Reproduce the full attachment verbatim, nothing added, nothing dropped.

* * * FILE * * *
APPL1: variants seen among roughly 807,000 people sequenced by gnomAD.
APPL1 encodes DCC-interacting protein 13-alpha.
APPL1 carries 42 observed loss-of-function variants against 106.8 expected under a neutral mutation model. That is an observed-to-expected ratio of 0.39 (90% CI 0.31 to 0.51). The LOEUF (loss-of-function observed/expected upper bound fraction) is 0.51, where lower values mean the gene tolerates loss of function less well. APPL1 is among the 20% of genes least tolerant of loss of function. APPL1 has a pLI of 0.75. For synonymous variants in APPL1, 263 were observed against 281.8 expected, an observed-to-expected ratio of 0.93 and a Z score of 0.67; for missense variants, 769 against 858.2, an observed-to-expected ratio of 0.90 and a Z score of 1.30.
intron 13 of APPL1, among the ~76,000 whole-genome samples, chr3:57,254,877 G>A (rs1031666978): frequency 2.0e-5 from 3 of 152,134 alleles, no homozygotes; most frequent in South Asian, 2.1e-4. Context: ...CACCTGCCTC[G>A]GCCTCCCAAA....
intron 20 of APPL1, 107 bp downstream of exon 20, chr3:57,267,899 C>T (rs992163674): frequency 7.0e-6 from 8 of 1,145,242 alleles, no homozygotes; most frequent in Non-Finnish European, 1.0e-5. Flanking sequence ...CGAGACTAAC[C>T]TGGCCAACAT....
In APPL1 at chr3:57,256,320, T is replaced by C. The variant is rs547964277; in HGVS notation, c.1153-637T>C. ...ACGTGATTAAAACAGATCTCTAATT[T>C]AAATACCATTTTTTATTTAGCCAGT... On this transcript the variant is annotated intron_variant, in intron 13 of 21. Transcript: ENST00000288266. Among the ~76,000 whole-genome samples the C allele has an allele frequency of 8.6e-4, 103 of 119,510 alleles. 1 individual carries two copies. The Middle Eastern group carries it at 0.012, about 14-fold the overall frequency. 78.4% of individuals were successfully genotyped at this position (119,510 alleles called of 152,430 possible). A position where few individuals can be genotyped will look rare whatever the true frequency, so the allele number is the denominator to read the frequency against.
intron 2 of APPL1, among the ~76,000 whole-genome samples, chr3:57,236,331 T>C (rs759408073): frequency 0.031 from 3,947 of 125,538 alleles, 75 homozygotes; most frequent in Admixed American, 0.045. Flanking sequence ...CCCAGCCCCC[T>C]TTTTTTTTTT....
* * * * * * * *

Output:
APPL1: variants seen among roughly 807,000 people sequenced by gnomAD.
APPL1 encodes DCC-interacting protein 13-alpha.
APPL1 carries 42 observed loss-of-function variants against 106.8 expected under a neutral mutation model. That is an observed-to-expected ratio of 0.39 (90% CI 0.31 to 0.51). The LOEUF (loss-of-function observed/expected upper bound fraction) is 0.51, where lower values mean the gene tolerates loss of function less well. APPL1 is among the 20% of genes least tolerant of loss of function. APPL1 has a pLI of 0.75. For synonymous variants in APPL1, 263 were observed against 281.8 expected, an observed-to-expected ratio of 0.93 and a Z score of 0.67; for missense variants, 769 against 858.2, an observed-to-expected ratio of 0.90 and a Z score of 1.30.
intron 13 of APPL1, among the ~76,000 whole-genome samples, chr3:57,254,877 G>A (rs1031666978): frequency 2.0e-5 from 3 of 152,134 alleles, no homozygotes; most frequent in South Asian, 2.1e-4. Context: ...CACCTGCCTC[G>A]GCCTCCCAAA....
intron 20 of APPL1, 107 bp downstream of exon 20, chr3:57,267,899 C>T (rs992163674): frequency 7.0e-6 from 8 of 1,145,242 alleles, no homozygotes; most frequent in Non-Finnish European, 1.0e-5. Flanking sequence ...CGAGACTAAC[C>T]TGGCCAACAT....
In APPL1 at chr3:57,256,320, T is replaced by C. The variant is rs547964277; in HGVS notation, c.1153-637T>C. ...ACGTGATTAAAACAGATCTCTAATT[T>C]AAATACCATTTTTTATTTAGCCAGT... On this transcript the variant is annotated intron_variant, in intron 13 of 21. Transcript: ENST00000288266. Among the ~76,000 whole-genome samples the C allele has an allele frequency of 8.6e-4, 103 of 119,510 alleles. 1 individual carries two copies. The Middle Eastern group carries it at 0.012, about 14-fold the overall frequency. 78.4% of individuals were successfully genotyped at this position (119,510 alleles called of 152,430 possible). A position where few individuals can be genotyped will look rare whatever the true frequency, so the allele number is the denominator to read the frequency against.
intron 2 of APPL1, among the ~76,000 whole-genome samples, chr3:57,236,331 T>C (rs759408073): frequency 0.031 from 3,947 of 125,538 alleles, 75 homozygotes; most frequent in Admixed American, 0.045. Flanking sequence ...CCCAGCCCCC[T>C]TTTTTTTTTT....